The Falcons need to add pass rushing talent this offseason. Letting Vic Beasley leave in free agency only puts more pressure on Atlanta’s front office.
Vic Beasley’s inconsistent play has frustrated the Falcons ever since they spent a first round pick to acquire him. Evidently, the higher-ups in Atlanta have finally decided the headache isn’t worth the on-field production.
According to ESPN, and the team itself, the Falcons have already broken off negotiations with the talented edge rusher. That means he’ll leave the team via free agency this offseason.
That’s a bitter pill to swallow for Falcons fans considering just how much trouble they had getting to the quarterback in 2019.
In fairness to Atlanta’s front office, it’s likely that Beasley is looking to get paid like a Pro Bowl edge rusher. He’s only played up to that level during one of his five seasons as a pro. Tallying 15.5 sacks in 2016 caused many Falcons fans to believe they’d found one of the most dominant defense ends in the NFL.
While the Falcons may have made the right decision when it comes to Beasley’s financial value, there’s no doubt they made their football team worse in the short-term. He was the team’s leading sack artist last year with a total of eight. The next closest edge rusher for last year’s team was Adrian Clayborn who only managed to get to the quarterback four times. Clayborn is also slated to hit free agency, but the decision to let Beasley walk makes it almost a certainty that Clayborn will return to the Falcons on a reasonable deal in 2020.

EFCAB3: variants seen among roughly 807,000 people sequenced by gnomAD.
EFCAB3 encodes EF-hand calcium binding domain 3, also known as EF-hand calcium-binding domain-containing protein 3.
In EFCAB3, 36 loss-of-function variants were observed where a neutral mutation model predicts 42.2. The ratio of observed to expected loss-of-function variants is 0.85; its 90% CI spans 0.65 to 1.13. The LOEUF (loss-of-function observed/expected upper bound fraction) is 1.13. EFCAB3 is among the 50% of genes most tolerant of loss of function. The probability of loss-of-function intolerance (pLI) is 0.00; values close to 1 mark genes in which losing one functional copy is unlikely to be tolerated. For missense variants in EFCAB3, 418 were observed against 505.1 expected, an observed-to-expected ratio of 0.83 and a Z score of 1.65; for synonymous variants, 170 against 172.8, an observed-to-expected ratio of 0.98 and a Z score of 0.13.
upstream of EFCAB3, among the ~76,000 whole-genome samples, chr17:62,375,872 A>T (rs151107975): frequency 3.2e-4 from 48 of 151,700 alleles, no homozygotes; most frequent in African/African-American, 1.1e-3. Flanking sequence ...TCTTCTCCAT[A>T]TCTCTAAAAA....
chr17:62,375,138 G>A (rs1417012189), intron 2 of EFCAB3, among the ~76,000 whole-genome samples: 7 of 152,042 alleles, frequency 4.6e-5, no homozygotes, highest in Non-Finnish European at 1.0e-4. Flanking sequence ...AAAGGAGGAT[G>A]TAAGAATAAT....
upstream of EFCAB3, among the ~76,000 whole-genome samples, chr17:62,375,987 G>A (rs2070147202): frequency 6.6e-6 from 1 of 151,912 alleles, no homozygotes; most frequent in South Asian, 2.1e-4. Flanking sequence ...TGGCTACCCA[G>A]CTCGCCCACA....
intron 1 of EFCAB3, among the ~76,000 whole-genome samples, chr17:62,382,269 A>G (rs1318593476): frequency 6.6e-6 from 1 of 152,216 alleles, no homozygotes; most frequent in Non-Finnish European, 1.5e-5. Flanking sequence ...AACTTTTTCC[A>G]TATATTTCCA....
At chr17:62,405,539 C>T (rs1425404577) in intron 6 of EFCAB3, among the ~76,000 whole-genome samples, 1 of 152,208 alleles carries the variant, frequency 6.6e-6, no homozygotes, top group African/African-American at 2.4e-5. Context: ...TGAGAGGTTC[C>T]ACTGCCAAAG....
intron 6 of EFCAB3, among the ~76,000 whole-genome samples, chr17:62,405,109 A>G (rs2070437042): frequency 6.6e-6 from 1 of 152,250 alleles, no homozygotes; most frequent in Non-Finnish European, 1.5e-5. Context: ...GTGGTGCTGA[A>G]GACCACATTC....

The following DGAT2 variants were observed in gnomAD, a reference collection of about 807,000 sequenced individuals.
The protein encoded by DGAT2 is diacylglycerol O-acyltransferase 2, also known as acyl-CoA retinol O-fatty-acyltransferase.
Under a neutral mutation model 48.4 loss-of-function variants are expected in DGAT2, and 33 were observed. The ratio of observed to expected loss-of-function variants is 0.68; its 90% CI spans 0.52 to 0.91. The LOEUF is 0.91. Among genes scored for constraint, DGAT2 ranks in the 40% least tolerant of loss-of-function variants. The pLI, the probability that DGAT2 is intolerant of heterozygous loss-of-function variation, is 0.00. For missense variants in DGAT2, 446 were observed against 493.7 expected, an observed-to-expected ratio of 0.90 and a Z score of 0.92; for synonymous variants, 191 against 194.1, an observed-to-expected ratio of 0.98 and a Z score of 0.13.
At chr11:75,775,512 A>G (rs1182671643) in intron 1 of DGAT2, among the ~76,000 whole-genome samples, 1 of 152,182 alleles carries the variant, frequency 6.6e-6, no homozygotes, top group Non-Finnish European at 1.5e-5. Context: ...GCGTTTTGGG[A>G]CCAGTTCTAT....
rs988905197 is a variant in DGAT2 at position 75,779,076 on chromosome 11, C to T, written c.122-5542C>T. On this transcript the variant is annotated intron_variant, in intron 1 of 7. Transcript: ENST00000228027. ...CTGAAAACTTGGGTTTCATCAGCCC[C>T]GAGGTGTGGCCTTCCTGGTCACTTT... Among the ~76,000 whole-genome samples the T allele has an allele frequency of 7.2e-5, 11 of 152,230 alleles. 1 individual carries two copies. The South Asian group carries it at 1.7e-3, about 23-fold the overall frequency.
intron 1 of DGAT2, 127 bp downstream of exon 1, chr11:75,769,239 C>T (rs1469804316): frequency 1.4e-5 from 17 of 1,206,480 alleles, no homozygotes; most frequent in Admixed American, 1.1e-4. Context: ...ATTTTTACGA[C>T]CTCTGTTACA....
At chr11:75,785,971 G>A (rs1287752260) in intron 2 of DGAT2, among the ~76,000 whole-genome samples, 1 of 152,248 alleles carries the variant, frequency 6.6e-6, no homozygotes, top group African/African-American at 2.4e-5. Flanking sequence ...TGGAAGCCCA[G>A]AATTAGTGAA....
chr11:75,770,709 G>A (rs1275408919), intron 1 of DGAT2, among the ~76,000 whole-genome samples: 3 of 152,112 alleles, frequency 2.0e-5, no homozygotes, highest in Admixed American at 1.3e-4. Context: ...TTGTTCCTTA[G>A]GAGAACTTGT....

The challenge for the team’s front office now is to replace Beasley’s production at a lower salary cap number. That almost certainly means the Falcons will need to spend a high draft pick on an edge rusher. The trouble with that reality is that Atlanta also needs to spend significant resources on secondary upgrades this offseason. Having two such high-profile needs to fill may be more than the Falcons’ front office can reasonably accomplish in a single offseason.
The Falcons are smart not to overpay Beasley in free agency, but it’s a decision that will haunt them in the short-term. The only way this really works out for Atlanta is if they can hit on a superior player in the draft. The team’s struggles to accurately evaluate Beasley demonstrate exactly how big a gamble that is for Atlanta.